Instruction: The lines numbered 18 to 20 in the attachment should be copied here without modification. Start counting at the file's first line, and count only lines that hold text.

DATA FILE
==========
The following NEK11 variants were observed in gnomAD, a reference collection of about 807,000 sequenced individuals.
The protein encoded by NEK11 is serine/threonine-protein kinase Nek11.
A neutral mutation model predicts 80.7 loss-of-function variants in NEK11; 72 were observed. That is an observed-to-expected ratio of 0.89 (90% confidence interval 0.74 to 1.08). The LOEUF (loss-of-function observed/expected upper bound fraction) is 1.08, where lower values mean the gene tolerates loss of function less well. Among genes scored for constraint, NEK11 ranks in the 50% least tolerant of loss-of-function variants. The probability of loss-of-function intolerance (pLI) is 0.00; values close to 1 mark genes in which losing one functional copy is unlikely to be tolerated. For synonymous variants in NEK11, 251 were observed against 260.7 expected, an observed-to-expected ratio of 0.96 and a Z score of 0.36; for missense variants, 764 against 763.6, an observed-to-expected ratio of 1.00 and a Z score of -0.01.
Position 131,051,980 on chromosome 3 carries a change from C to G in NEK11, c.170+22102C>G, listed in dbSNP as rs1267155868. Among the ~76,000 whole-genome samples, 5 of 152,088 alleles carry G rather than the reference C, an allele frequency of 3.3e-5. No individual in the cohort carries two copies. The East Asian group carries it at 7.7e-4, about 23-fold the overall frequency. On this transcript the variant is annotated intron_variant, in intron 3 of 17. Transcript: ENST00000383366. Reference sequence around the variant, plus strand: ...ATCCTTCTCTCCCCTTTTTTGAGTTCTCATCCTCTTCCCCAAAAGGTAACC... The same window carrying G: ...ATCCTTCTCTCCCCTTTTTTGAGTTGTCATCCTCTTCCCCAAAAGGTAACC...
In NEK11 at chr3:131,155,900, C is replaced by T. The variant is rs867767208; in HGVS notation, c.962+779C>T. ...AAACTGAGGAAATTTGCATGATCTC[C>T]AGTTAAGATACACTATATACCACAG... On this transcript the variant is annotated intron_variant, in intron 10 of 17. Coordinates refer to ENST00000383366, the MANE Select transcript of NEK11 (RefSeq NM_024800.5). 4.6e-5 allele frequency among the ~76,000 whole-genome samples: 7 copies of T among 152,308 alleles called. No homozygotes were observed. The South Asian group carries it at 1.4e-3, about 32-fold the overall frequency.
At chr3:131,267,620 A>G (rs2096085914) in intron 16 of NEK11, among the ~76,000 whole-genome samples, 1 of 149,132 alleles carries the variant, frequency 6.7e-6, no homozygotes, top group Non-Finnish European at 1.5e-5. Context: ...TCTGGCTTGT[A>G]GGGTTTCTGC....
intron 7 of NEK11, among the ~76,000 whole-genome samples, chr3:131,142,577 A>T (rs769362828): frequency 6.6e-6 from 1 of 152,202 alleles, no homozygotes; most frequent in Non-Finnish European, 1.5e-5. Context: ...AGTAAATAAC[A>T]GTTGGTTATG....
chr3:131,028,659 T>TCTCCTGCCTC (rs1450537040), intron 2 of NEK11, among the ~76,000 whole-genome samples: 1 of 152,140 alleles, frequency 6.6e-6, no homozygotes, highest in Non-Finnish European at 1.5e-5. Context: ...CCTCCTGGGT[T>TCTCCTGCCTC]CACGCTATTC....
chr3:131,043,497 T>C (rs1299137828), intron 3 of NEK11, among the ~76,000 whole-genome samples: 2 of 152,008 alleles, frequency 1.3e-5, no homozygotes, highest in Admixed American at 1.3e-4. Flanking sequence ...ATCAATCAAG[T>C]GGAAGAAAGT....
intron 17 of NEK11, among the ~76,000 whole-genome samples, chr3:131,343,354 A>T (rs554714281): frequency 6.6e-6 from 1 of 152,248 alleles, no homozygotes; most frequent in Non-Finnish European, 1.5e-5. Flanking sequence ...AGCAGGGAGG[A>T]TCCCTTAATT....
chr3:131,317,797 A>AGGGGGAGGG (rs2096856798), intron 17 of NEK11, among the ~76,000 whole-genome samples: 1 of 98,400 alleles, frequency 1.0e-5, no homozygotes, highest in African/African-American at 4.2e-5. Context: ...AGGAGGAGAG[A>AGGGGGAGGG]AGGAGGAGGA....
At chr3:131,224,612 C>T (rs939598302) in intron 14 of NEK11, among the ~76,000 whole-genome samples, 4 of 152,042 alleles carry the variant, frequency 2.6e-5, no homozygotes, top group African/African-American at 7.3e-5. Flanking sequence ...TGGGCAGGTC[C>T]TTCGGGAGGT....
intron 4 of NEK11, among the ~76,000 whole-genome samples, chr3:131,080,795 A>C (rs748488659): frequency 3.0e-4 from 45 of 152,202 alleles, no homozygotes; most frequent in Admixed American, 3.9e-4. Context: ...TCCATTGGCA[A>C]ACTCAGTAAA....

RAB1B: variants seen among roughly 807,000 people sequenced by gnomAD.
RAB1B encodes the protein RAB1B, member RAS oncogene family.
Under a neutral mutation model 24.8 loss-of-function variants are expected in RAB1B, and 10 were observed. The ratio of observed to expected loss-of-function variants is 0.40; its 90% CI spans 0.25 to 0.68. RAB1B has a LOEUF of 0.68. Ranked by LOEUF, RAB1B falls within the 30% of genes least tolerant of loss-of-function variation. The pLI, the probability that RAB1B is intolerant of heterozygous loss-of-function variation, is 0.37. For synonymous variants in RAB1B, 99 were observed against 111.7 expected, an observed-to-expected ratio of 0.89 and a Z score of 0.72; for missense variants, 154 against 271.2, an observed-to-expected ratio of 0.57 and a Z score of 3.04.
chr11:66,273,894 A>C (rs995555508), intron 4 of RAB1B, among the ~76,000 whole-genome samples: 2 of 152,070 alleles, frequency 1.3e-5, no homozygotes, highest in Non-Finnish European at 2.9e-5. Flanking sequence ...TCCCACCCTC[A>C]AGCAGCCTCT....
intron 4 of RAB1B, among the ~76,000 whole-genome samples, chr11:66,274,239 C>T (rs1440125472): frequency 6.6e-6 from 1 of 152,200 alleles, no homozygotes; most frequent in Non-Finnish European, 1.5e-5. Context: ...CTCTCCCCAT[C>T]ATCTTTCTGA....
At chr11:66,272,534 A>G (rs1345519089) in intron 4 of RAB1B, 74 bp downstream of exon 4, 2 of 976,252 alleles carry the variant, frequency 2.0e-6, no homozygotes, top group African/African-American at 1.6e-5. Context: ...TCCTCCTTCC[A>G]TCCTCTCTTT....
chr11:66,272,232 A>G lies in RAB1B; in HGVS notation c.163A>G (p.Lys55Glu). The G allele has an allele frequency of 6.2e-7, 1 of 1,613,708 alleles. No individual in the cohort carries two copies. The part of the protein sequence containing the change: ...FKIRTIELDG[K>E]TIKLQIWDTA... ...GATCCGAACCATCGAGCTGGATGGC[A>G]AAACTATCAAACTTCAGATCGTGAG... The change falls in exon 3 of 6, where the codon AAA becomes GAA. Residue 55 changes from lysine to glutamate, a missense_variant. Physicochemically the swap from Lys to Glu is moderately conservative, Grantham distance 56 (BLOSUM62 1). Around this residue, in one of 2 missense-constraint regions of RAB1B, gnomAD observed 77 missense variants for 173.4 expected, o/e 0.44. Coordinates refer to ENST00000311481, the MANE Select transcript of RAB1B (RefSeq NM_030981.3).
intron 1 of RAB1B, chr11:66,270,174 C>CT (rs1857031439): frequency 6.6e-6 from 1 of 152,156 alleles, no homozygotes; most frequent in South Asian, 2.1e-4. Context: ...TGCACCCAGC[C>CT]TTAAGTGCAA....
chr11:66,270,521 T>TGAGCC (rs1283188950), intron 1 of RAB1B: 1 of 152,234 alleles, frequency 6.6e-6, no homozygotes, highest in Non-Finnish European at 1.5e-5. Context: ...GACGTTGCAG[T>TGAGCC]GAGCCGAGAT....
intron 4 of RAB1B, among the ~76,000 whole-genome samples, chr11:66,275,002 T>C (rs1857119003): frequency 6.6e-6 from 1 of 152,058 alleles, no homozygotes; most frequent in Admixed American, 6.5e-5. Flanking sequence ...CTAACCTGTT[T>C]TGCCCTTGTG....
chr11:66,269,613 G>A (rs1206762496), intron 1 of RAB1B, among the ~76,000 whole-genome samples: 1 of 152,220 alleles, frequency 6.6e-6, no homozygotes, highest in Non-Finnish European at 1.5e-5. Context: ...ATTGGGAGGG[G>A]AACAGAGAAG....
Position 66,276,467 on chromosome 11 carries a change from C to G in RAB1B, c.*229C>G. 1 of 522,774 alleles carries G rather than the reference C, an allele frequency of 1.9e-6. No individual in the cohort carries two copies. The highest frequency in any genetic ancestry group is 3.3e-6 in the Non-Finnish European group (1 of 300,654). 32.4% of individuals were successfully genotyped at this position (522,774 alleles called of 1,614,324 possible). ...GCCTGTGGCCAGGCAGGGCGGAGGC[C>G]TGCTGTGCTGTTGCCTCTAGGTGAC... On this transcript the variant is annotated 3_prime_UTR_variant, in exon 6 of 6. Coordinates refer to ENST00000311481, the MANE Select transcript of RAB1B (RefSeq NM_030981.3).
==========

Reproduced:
intron 4 of RAB1B, among the ~76,000 whole-genome samples, chr11:66,274,239 C>T (rs1440125472): frequency 6.6e-6 from 1 of 152,200 alleles, no homozygotes; most frequent in Non-Finnish European, 1.5e-5. Context: ...CTCTCCCCAT[C>T]ATCTTTCTGA....
At chr11:66,272,534 A>G (rs1345519089) in intron 4 of RAB1B, 74 bp downstream of exon 4, 2 of 976,252 alleles carry the variant, frequency 2.0e-6, no homozygotes, top group African/African-American at 1.6e-5. Context: ...TCCTCCTTCC[A>G]TCCTCTCTTT....
chr11:66,272,232 A>G lies in RAB1B; in HGVS notation c.163A>G (p.Lys55Glu). The G allele has an allele frequency of 6.2e-7, 1 of 1,613,708 alleles. No individual in the cohort carries two copies. The part of the protein sequence containing the change: ...FKIRTIELDG[K>E]TIKLQIWDTA... ...GATCCGAACCATCGAGCTGGATGGC[A>G]AAACTATCAAACTTCAGATCGTGAG... The change falls in exon 3 of 6, where the codon AAA becomes GAA. Residue 55 changes from lysine to glutamate, a missense_variant. Physicochemically the swap from Lys to Glu is moderately conservative, Grantham distance 56 (BLOSUM62 1). Around this residue, in one of 2 missense-constraint regions of RAB1B, gnomAD observed 77 missense variants for 173.4 expected, o/e 0.44. Coordinates refer to ENST00000311481, the MANE Select transcript of RAB1B (RefSeq NM_030981.3).